Season 1 of 'The Expanse' Ends on a Solid Note, Falls Short of Great
Unlike riskier science fiction shows that swing for the fences, 'The Expanse' is content to be solid.
In the end, The Expanse never blinked. Its pilot episode was a well-put-together, if slightly confusing story that had the potential to turn into something really good, if it could follow through on its promises. And that’s exactly what it did. The show cleared up the confusion, developed its characters and world, and unpackaged an adequately intriguing central mystery. Nothing more, nothing less. Given the current dearth of hard science fiction or space operas on television, that’s a fairly sizable accomplishment.
Still, as solid as The Expanse has been, it never quite managed to transcend its initial premise to become truly special television. The label of Great Sci-Fi belongs to shows that manage to make that leap — often during their first season. After a strong pilot mini-series, Battlestar Galactica instantly cemented itself as essential sci-fi with “33,” its Season 1 premiere. Babylon 5 took some time to get going, but by the end of its first season, the show had shattered its initial procedural doldrums with game-changing moments of tragedy and shocking character shifts. Firefly, likewise, owes its dedicated following to the smaller character moments it peppered throughout its pilot.
To be fair, this first season of The Expanse certainly came close a few times. The fourth episode’s grand space battle was top-notch and last week’s tension-filled outing was extremely well done. Unfortunately, the show lacked that must-see spark. This week’s two finale episodes again had some extremely well-done sections — most notably the poignant death of Julie Mao and the growing chemistry between the two male leads, Miller and Holden. “You … told your crew to take off without you? Dick!” was a killer line.
There’s still nothing that would make me say, “Yes, you have to watch The Expanse!” if asked for a recommendation. It’s good; it’s slick; it’s a welcome addition to the TV landscape, but I will not be on the edge of my seat until Season 2.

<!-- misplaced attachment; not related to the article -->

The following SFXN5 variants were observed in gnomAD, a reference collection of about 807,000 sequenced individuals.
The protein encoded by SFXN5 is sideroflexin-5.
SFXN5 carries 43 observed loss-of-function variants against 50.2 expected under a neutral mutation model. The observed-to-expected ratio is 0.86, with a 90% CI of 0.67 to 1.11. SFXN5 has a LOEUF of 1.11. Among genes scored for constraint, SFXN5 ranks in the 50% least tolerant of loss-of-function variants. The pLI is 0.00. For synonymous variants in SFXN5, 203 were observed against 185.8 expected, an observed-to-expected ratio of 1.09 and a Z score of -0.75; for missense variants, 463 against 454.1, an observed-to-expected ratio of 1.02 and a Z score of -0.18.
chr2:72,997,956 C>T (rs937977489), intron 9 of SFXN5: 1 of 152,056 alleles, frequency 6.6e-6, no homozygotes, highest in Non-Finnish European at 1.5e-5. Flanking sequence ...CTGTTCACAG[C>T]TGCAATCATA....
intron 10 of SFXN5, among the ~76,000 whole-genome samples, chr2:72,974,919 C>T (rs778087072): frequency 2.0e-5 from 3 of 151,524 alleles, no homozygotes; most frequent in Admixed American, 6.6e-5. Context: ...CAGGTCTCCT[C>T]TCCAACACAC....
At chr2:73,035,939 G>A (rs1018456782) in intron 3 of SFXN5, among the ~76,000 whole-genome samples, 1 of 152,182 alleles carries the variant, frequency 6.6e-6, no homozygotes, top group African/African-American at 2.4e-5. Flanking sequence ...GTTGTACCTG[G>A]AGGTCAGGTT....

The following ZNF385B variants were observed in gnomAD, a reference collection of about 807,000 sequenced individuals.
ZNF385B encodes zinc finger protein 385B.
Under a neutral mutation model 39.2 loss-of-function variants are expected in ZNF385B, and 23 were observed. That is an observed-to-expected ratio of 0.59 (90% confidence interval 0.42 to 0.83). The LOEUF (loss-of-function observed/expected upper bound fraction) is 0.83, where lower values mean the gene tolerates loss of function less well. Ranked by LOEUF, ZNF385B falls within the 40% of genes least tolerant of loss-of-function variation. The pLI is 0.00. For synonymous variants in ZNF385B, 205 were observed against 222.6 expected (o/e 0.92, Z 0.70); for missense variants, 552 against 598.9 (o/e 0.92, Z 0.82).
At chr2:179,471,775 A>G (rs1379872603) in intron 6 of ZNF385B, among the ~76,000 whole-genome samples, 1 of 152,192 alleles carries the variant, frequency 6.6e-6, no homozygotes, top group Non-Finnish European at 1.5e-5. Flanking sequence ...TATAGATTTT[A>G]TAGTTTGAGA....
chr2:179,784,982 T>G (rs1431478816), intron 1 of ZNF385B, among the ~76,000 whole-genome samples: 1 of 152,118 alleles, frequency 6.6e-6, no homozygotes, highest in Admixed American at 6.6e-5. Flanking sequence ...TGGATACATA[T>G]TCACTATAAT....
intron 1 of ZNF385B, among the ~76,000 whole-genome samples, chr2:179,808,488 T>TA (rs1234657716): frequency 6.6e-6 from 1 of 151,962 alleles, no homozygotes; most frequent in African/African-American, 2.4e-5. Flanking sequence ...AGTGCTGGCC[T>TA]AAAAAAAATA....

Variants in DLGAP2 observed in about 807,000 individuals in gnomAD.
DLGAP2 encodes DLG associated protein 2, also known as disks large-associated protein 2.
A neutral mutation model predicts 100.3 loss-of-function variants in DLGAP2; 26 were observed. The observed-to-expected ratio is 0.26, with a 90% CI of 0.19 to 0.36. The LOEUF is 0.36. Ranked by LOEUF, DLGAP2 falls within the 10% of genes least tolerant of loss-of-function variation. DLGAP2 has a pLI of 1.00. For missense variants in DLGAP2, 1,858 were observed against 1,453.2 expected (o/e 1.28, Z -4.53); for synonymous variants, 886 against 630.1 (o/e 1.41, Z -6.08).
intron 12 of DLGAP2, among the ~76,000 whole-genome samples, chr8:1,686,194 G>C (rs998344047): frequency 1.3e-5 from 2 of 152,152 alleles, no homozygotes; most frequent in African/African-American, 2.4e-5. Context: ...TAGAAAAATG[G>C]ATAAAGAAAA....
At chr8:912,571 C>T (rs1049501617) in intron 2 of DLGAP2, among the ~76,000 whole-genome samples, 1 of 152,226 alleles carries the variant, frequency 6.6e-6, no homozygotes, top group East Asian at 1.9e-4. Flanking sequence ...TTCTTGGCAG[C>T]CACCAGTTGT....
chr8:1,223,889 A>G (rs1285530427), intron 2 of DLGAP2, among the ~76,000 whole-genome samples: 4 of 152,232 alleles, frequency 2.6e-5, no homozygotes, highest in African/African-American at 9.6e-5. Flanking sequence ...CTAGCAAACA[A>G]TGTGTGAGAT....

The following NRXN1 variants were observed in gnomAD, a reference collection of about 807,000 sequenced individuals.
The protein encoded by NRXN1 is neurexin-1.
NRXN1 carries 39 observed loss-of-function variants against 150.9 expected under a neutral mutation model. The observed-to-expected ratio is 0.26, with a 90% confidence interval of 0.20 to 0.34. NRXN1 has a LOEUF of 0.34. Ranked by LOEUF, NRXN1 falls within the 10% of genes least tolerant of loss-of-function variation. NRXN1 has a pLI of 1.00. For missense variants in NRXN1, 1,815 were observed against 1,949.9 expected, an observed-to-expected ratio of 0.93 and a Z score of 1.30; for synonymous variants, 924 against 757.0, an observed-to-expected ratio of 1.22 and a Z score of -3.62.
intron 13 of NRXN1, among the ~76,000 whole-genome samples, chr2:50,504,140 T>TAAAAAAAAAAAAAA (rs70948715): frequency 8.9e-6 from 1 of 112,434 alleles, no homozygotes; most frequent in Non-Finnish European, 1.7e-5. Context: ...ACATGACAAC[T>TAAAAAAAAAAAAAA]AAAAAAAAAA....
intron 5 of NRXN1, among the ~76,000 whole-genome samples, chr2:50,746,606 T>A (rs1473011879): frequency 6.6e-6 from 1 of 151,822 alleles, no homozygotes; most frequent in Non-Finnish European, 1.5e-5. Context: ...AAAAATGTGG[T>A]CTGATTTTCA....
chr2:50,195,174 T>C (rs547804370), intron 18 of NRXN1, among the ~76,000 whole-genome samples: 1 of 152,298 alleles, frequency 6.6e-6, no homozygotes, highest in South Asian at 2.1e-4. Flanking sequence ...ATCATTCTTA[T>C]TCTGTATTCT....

The issue may well be that The Expanse is too slick. It has a specific aesthetic that leaves little room for deviation. Ambitious swings and formal experimentation are both often necessary for shows to make the leap from “good” to “must-see.”
Take breakout hit, Game of Thrones: like The Expanse, it too maintains a specific tone. But the complex adaptation defied expectations multiple times as its first season progressed, ending on the game-changing death of the supposed protagonist. Babylon 5 shifted from an episodic show to narrative-driven one with a clear big picture.
Shows like Buffy the Vampire Slayer and Star Trek again and again pulled the rug out from under viewers with daring ventures that included musical episodes, time travel, alternate dimensions, courtroom dramas, and dream episodes. These fascinating deviations were often the shows’ best episodes.
Battlestar Galactica, the show to which The Expanse feels most strongly related, deviated from sci-fi conventions by openly serving as a metaphor for post-9/11 America and the War on Terror.
BSG had meaning, something The Expanse still currently lacks. I have no idea what the show actually aims to be about. It has a strong plot and a decent cast of characters,, but falls woefully short on matters of theme and commentary. “Everything I loved was dying,” says Holden when Miller asks him why he left Earth. It is a morbid image, yes, but one that the show never quite committed to. With the solar system on the edge of all-out war, men experimenting with an unexplained biological entity, and the slaughter of a hundred thousand people, the show certainly has room to be more morbid — and more resonant.
The Expanse certainly gave itself a solid foundation and we can only hope that it will rise to the challenge. We shall see when the Season 2 airs at the end of the year.